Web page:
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Salivary DHEA-S

Technical Summary

Analyte Summary
Analyte: ​DHEA-S
Aliases: Dehydroepiandrosterone sulfate, DHEA sulfate
Serum-Saliva Correlation: NA
Optimum Collection Volume: 225 μL*
*Add 300 µl to the total volume of all tests for liquid handling
Special Considerations
DHEA-S is Flow Rate Dependent (pg/mL)
Assay Summary
Methodology: ELISA
Sensitivity: 43 pg/mL
Assay Range: 188.9 pg/mL- 15,300 pg/mL
Assay Type: Quantitative

Collect Saliva Samples


Better results begin with better saliva collection. This collection protocol features general considerations to maximize salivary DHEA-S analysis. Use this analyte specific collection protocol to plan your collection methodology and sampling schemes.


Test Saliva Samples

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Order Code (lab): 5130
Transport Requirements: Ship on Dry Ice
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Add DNA Analysis to My Study

Considerations for adding Salivary DNA to analyte Studies:

You can combine salivary analytes with easy, accurate, and affordable genomic testing using Salimetrics SalivaLab and the same sample that you are already collecting – no specialized saliva collection devices or additional samples are required.

Don’t know what SNPs are right for you? The SalivaLab’s DNA team specializes in genetic testing services, we recommend you Request a DNA Consult (gratis) to learn more about common considerations such as # of samples, participant ethnicity, and IRB Approval.

All DNA Services

DNA Extraction and Normalization
Single Nucleotide Polymorphism (SNP) Genotyping
VNTR & STR Analysis

References & Salivary DHEA-S Research

    1. Summarized in Whetzel, C.A., Klein, L.C. Measuring DHEA-S in saliva: Time of day differences and positive correlations between two different types of collection methods.  BMC Res Notes, 3:204.
    2. Krobath, P.D., Salek, F.S., Pittenger, A.L. et al. (1999).  DHEA and DHEA-S: A review.  J Clin Pharmacol 39(4), 327-48.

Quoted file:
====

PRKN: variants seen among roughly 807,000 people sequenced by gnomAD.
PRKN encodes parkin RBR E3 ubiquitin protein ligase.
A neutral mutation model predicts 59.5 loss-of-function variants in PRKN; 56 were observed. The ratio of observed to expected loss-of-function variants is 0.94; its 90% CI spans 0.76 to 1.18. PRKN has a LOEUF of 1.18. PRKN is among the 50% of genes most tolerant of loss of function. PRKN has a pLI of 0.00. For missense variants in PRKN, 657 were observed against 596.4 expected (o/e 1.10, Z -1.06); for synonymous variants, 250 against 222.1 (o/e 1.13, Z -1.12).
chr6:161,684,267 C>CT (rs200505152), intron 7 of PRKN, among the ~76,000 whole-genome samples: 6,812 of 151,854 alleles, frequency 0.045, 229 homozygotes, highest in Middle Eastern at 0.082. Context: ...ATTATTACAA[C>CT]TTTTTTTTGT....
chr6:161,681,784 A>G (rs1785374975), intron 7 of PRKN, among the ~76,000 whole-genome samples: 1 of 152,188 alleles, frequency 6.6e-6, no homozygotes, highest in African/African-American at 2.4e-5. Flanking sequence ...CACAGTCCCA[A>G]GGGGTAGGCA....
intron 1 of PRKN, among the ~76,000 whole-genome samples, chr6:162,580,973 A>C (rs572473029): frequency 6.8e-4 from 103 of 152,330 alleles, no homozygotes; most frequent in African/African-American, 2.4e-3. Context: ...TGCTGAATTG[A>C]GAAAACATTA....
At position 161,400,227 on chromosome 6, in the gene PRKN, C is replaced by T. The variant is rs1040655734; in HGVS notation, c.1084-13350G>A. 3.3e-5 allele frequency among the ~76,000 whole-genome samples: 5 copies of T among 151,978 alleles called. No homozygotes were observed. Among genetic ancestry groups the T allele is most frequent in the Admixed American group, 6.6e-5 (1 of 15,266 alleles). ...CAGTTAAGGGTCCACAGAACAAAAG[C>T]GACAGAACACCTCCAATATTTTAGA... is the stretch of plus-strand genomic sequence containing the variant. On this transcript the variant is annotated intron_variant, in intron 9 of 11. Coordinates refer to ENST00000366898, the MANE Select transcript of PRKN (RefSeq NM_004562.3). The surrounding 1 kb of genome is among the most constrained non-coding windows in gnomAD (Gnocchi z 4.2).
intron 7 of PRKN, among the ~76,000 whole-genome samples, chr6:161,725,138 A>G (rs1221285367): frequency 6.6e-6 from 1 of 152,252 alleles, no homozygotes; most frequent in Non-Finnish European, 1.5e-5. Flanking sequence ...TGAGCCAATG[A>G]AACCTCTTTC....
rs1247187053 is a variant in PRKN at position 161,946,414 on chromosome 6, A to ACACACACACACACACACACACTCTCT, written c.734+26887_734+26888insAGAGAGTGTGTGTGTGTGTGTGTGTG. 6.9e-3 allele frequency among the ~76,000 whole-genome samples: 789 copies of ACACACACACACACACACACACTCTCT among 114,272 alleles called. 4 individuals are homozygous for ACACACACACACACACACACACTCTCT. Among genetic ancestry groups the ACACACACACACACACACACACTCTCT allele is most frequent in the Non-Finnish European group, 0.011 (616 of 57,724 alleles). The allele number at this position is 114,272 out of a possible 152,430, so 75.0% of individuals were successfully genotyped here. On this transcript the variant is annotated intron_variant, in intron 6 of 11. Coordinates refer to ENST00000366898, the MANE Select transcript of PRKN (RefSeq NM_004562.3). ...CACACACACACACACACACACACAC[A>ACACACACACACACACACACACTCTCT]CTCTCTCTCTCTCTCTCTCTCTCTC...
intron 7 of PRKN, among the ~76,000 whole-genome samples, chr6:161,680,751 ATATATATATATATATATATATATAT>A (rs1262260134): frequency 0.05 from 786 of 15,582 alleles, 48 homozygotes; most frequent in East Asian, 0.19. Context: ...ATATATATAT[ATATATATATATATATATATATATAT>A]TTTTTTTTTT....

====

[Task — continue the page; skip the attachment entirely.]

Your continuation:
3. Rosenfeld, R.S., Rosenberg, B.J., Fukushima, D.K., Hellman, L. (1975).  24-Hour secretory pattern of dehydroisoandrosterone and dehydroisoandrosterone sulfate.  J Clin Endocrinol Metab, 40(5), 850-55.
    4. Carlström, K., Karlsson, R., Von Schoultz, B. (2002).  Diurnal rhythm and effects of oral contraceptives on serum dehydroepiandrosterone sulfate (DHEAS) are related to alterations in serum albumin rather than to changes in adrenocortical steroid secretion.  Scan J Clin Lab Invest, 62(5), 361-68.
    5. Labrie, F., Bélanger, A., Cusan, L., Candas, B. (1997).  Physiological changes in dehydroepiandrosterone are not reflected by serum levels of active androgens and estrogens but of their metabolites: Intracrinology.  J Clin Endocrinol Metab, 82(8), 2403-9.
    6. Labrie, F., Luu-The, V. Bélanger, A., et al. (2005).  Is dehydroepiandrosterone a hormone? J Endocrinol, 187, 169-96.
    7. Charalampopoulos, I., Alexaki, V.-I., Tsatsanis, C., et al. (2006).  Neurosteroids as endogenous inhibitors of neuronal cell apoptosis in aging.  Ann N Y Acad Science, 1088, 138-52.
    8. Baulieu, E.-E., Robel, P. (1998). Dehydroepiandrosterone (DHEA) and dehydroepiandrosterone sulfate (DHEAS) as neuroactive neurosteroids.  Proc Natl Acad Sci U S A, 95(8), 4089-91.)
    9. Kellner, M., Muhtz, C., Peter, F., et al. (2010).  Increased DHEA and DHEA-S plasma levels in patients with post-traumatic stress disorder and a history of childhood abuse. J Psychiatr Res, 44(4), 215-9.
    10. Golubchik, P., Mozes, T., Maayan, R., Weizman, A. (2009).  Neurosteroid blood levels in delinquent adolescent boys with conduct disorder. Eur Neuropsychopharmacol, 19(1), 49-52.

    1. Azurmendi, A., Braza, F., Garcia, F. et al. (2006). Aggression, dominance and affiliation: Their relationships with androgen levels and intelligence in 5-year-old children. Horm Behav, 50(1), 132-40.
    2. MacLaughlin, B.W., Wang, D., Noone, A.-M., et al. (2010).  Stress biomarkers in medical students participating in a mind body medicine skills program.  eCAM, doi:10.1093/ecam/neq039.
    3. Wang, J.-S., Chen, S.-M., Lee, S.-P., et al. 2009).  Dehydroepiandrosterone sulfate linked to physiologic response against hot spring immersion. Steroids, 74(12), 945-49.
    4. Vining, R.F., McGinley, R.A., Symons, R.G. (1983).  Hormones in saliva: Mode of entry and consequent implications for clinical interpretation.  Clin Chem, 29(10), 1752-56.
    5. Konttinen, Y.T., Stegaev, V., Mackiewicz, Z., et al. (2010).  Salivary glands — ‘an unisex organ’? Oral Dis, 16(7), 577-85.
    6. Pomari, E., Nardi, A., Fiore, C., et al. (2009).  Transcriptional control of human organic anion transporting polypeptide 2B1 gene.  J Steroid Biochem Mol Biol, 115(3-5), 146-52.
    7. Jezova, D., Hlavacova, N. (2008). Endocrine factors in stress and psychiatric disorders: Focus on anxiety and salivary steroids.  Ann N Y Acad Sci, 1148, 495-503.

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